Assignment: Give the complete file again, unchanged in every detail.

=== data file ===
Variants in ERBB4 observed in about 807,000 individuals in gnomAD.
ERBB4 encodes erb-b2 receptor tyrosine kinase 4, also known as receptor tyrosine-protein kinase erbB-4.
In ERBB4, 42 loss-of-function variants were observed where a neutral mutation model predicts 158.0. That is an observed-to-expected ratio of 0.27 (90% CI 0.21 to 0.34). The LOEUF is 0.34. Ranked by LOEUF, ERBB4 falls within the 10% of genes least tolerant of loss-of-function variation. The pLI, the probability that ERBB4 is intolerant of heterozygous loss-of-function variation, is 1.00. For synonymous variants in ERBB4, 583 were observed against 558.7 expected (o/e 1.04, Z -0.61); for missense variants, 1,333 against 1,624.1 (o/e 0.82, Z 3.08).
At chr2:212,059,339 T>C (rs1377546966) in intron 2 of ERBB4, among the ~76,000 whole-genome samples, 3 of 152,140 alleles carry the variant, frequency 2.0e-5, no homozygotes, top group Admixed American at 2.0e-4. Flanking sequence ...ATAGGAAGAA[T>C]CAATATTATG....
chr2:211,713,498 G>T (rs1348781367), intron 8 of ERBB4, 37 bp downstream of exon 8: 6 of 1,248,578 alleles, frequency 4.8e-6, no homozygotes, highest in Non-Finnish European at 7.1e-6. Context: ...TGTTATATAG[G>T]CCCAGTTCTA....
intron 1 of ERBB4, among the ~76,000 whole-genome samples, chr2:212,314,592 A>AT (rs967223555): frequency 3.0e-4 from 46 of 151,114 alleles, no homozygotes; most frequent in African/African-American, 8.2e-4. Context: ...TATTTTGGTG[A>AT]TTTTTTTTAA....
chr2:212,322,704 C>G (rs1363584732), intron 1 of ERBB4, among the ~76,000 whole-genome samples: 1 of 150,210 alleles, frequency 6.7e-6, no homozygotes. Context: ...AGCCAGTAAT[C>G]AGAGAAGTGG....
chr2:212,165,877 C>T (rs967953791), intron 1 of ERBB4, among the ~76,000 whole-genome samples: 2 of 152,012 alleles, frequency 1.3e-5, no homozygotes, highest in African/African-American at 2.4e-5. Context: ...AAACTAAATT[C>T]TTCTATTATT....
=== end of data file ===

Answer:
Variants in ERBB4 observed in about 807,000 individuals in gnomAD.
ERBB4 encodes erb-b2 receptor tyrosine kinase 4, also known as receptor tyrosine-protein kinase erbB-4.
In ERBB4, 42 loss-of-function variants were observed where a neutral mutation model predicts 158.0. That is an observed-to-expected ratio of 0.27 (90% CI 0.21 to 0.34). The LOEUF is 0.34. Ranked by LOEUF, ERBB4 falls within the 10% of genes least tolerant of loss-of-function variation. The pLI, the probability that ERBB4 is intolerant of heterozygous loss-of-function variation, is 1.00. For synonymous variants in ERBB4, 583 were observed against 558.7 expected (o/e 1.04, Z -0.61); for missense variants, 1,333 against 1,624.1 (o/e 0.82, Z 3.08).
At chr2:212,059,339 T>C (rs1377546966) in intron 2 of ERBB4, among the ~76,000 whole-genome samples, 3 of 152,140 alleles carry the variant, frequency 2.0e-5, no homozygotes, top group Admixed American at 2.0e-4. Flanking sequence ...ATAGGAAGAA[T>C]CAATATTATG....
chr2:211,713,498 G>T (rs1348781367), intron 8 of ERBB4, 37 bp downstream of exon 8: 6 of 1,248,578 alleles, frequency 4.8e-6, no homozygotes, highest in Non-Finnish European at 7.1e-6. Context: ...TGTTATATAG[G>T]CCCAGTTCTA....
intron 1 of ERBB4, among the ~76,000 whole-genome samples, chr2:212,314,592 A>AT (rs967223555): frequency 3.0e-4 from 46 of 151,114 alleles, no homozygotes; most frequent in African/African-American, 8.2e-4. Context: ...TATTTTGGTG[A>AT]TTTTTTTTAA....
chr2:212,322,704 C>G (rs1363584732), intron 1 of ERBB4, among the ~76,000 whole-genome samples: 1 of 150,210 alleles, frequency 6.7e-6, no homozygotes. Context: ...AGCCAGTAAT[C>G]AGAGAAGTGG....
chr2:212,165,877 C>T (rs967953791), intron 1 of ERBB4, among the ~76,000 whole-genome samples: 2 of 152,012 alleles, frequency 1.3e-5, no homozygotes, highest in African/African-American at 2.4e-5. Context: ...AAACTAAATT[C>T]TTCTATTATT....